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United States Court of Appeals for the Second Circuit
December 5, 2018, Argued; July 26, 2019, Decided
Nos. 17-3691-cr(L), 17-3758-cr(Con), 17-3808-cr(Con)
[*45] Droney, Circuit Judge:
This is a consolidated appeal of two defendants convicted in a joint jury trial of offenses arising out of their roles in an illegal Bitcoin exchange and a scheme to use a federal credit union for illegal purposes.2 Yuri Lebedev was convicted of wire fraud in violation of 18 U.S.C. § 1343, bank fraud in violation of 18 U.S.C. § 1344, conspiracy to commit wire and bank fraud in violation of 18 U.S.C. § 1349, and making corrupt payments with the intent to influence an officer of a financial institution in violation of 18 U.S.C. § 215(a)(1). Trevon Gross was convicted of receiving [**3] corrupt payments as an officer of a financial institution in violation of 18 U.S.C. § 215(a)(2). Both Lebedev and Gross were [*46] also convicted of conspiracy in violation of 18 U.S.C. § 371.
Lebedev and Gross appeal their judgments of conviction, raising various constitutional and evidentiary challenges. Gross also appeals the district court's application of several provisions of the Sentencing Guidelines in imposing his sentence and his order of restitution.
The evidence presented by the government at trial concerned the activities of an internet-based Bitcoin exchange service located in Florida, known as "Coin.mx." Coin.mx's customers used the exchange to purchase Bitcoins, a digital currency, with traditional currency. Although the purpose of Coin.mx was to allow the purchase and sale of Bitcoins, Coin.mx concealed that fact from the banks and credit card companies processing its transactions.3 Coin.mx opened bank accounts in the name of "the Collectables Club," which falsely purported to be a private members' association dedicated to collecting and exchanging memorabilia. Coin.mx also processed credit card transactions listing the Collectables Club as the merchant. Neither Coin.mx nor the Collectables Club [**4] registered with federal regulators as a money-transmitting entity or obtained state licensure for that purpose.
Coin.mx employed Lebedev to manage information technology operations. One of Lebedev's responsibilities was to set up various Internet Protocol ("IP") addresses to make it appear to banks and payment processors that Coin.mx's transactions were legitimate Collectables Club transactions.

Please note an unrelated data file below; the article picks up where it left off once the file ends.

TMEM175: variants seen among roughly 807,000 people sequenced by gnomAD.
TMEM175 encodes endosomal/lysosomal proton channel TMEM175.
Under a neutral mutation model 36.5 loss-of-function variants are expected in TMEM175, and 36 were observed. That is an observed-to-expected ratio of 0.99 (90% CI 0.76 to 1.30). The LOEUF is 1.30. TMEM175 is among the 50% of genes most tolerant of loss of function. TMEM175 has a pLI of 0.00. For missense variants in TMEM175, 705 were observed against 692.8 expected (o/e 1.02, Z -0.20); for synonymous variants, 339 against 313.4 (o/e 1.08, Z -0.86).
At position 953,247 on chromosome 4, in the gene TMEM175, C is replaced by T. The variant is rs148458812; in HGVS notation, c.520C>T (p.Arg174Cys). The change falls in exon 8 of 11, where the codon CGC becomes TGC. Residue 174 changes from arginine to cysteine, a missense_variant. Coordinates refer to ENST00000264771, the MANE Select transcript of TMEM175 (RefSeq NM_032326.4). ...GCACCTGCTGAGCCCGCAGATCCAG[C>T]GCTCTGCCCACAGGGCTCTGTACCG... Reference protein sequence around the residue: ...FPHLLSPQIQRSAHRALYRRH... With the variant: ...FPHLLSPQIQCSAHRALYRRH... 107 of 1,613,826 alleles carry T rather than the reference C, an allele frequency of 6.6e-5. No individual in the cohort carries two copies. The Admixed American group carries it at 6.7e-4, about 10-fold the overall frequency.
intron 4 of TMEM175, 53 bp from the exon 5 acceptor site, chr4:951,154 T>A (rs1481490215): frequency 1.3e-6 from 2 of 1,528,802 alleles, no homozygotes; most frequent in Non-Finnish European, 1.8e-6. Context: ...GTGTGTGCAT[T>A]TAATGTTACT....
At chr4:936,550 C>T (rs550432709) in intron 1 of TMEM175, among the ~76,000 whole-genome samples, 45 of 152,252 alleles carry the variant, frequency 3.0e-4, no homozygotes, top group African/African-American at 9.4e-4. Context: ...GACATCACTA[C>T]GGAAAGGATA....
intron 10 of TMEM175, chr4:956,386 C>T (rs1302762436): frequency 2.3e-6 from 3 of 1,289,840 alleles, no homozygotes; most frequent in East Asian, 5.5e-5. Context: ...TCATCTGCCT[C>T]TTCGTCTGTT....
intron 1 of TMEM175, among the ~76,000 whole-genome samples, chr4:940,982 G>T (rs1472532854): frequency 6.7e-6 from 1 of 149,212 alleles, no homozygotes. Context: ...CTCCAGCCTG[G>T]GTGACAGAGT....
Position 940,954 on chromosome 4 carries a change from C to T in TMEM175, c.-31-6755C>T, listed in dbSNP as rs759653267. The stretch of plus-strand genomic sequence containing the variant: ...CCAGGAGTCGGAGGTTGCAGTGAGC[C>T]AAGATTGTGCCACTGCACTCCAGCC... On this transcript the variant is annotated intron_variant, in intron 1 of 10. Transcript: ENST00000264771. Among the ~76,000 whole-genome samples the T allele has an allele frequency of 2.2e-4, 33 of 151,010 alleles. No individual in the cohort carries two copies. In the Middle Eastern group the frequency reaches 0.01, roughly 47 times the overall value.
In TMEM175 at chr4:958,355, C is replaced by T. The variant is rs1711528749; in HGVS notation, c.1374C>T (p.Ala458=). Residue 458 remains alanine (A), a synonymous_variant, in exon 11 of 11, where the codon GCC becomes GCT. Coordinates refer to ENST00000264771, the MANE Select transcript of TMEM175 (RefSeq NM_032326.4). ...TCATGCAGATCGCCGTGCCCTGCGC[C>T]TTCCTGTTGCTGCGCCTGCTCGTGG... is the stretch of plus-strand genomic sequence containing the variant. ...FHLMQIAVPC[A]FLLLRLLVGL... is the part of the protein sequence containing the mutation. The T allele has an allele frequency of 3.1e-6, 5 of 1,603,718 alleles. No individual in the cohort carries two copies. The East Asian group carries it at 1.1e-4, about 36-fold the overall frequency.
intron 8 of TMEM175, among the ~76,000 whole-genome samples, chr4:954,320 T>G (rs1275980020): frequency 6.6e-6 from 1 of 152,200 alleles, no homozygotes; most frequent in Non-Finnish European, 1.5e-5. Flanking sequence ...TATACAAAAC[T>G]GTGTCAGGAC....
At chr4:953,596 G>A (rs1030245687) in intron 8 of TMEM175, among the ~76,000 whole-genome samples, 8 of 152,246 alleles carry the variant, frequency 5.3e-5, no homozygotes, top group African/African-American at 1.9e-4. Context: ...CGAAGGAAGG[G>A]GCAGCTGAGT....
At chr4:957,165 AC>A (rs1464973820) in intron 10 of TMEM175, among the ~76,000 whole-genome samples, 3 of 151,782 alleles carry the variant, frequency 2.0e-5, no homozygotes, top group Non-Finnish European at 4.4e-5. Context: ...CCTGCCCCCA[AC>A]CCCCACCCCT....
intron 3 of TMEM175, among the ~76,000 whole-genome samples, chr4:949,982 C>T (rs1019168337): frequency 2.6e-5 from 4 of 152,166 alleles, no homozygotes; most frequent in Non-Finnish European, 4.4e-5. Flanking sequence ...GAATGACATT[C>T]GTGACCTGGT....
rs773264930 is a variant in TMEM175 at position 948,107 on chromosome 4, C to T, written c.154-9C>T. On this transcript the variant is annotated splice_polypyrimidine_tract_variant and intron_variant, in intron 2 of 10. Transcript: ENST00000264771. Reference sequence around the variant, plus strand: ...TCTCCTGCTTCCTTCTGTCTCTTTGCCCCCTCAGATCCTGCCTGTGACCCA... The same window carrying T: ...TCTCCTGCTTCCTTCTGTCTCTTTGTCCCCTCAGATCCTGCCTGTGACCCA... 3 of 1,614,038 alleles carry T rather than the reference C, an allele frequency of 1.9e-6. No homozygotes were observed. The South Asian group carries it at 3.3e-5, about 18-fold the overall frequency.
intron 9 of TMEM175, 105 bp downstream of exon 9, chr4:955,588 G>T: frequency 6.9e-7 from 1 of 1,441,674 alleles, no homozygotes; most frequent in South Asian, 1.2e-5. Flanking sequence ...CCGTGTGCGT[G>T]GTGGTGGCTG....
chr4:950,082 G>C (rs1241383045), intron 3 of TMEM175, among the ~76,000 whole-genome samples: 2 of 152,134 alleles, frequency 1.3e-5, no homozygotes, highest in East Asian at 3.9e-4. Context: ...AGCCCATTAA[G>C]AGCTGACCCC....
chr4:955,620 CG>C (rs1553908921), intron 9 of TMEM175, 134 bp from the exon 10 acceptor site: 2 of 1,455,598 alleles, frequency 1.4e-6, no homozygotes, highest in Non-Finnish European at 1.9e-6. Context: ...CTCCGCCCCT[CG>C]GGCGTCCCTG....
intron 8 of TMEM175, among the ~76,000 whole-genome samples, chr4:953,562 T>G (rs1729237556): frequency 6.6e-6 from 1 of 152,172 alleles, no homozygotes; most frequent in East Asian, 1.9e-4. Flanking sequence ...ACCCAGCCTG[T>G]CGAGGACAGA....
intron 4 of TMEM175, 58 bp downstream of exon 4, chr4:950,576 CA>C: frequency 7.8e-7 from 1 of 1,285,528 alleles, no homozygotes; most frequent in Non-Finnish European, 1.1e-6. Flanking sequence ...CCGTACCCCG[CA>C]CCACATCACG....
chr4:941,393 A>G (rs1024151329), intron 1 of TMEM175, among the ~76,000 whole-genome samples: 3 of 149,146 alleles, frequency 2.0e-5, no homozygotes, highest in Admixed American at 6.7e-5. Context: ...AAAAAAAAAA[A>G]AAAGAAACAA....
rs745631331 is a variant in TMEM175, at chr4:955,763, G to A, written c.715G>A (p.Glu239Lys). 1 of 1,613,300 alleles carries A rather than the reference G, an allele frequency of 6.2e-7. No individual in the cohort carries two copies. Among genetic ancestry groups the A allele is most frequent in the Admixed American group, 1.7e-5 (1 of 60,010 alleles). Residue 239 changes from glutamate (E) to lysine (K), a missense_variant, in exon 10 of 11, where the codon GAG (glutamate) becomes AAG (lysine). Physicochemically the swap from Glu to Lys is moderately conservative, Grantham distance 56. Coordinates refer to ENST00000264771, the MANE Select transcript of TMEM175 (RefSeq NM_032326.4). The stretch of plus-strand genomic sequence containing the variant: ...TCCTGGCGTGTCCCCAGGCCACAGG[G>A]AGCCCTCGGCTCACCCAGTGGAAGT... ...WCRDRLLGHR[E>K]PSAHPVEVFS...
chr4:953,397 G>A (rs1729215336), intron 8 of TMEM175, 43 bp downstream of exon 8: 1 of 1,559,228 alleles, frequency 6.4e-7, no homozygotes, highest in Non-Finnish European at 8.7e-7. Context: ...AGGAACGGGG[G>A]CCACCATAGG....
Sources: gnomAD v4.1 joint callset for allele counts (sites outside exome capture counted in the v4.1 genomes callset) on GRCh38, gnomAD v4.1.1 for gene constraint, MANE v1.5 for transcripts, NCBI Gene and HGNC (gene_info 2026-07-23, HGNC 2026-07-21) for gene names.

Full case includes Shepard's, Headnotes, Legal Analytics from Lex Machina, and more.
932 F.3d 40 *; 2019 U.S. App. LEXIS 22286 **; 2019 WL 3366714
UNITED STATES OF AMERICA, Appellee, v. YURI LEBEDEV and TREVON GROSS, Defendants-Appellants, ANTHONY R. MURGIO, also known as Sealed Defendant 1, MICHAEL J. MURGIO, JOSE M. FREUNDT, and RICARDO HILL, also known as Rico, Defendants.1
Subsequent History: US Supreme Court certiorari denied by Gross v. United States, 140 S. Ct. 1224, 206 L. Ed. 2d 219, 2020 U.S. LEXIS 1358 (U.S., Feb. 24, 2020)
Prior History: [**1] Appeal from the United States District Court for the Southern District of New York. Nos. 15-cr-769-1, 15-cr-769-2, 15-cr-769-3 — Alison J. Nathan, Judge.
Appeal from the November 1, 2017 and November 16, 2017 judgments of the United States District Court for the Southern District of New York (Alison J. Nathan, Judge), convicting the Defendants-Appellants, after a jury trial, of multiple counts arising out of their roles in the operation of an illegal Bitcoin exchange and a scheme to use a federal credit union for illegal purposes. They argue, among other things, that the district court made various evidentiary errors, including improperly limiting the examination of a witness called to impeach a key government witness. Defendant Lebedev further argues that insufficient evidence was presented at trial to sustain his convictions, while defendant Gross argues that the evidence presented at trial so differed from the allegations of the superseding indictment that the government impermissibly constructively amended the indictment. Defendant Gross also challenges his 60-month prison sentence and order of restitution, arguing that the court misapplied certain sentencing enhancements in calculating [**2] the Guidelines range, and abused its discretion in determining restitution. We AFFIRM.
United States v. Murgio, 209 F. Supp. 3d 698, 2016 U.S. Dist. LEXIS 131745 (S.D.N.Y., Sept. 19, 2016)
district court, transactions, credit union, conspiracy, indictment, Collectables, quotation, marks, financial institution, sentencing, processing, contends, convicted, witnesses, member of the board, challenges, wire fraud, withdrawal, donations, funds, co-conspirator, restitution, customers, wire, clearly erroneous, personal expenses, deprived, exposure, variance, bribery
Criminal Law & Procedure, Standards of Review, Substantial Evidence, Sufficiency of Evidence, Fraud, Wire Fraud, Elements, Criminal Offenses, Fraud, Abuse of Discretion, Evidence, Evidence, Admissibility, Expert Witnesses, Helpfulness, Types of Evidence, Documentary Evidence, Summaries, Appeals, Clearly Erroneous Review, Exemptions, Statements by Coconspirators, Statements During Conspiracy, Statements Furthering Conspiracy, Trials, Examination of Witnesses, Witnesses, Conduct Evidence, Prior Acts, Crimes & Wrongs, Accusatory Instruments, Indictments, Appellate Review, Amendments & Variances, Constructive Amendments, Variances, De Novo Review, Defendant's Rights, Right to Due Process, Clear Error Review, Sentencing, Sentencing Guidelines, Sentencing Guidelines, Adjustments & Enhancements, Abuse of Discretion, Restitution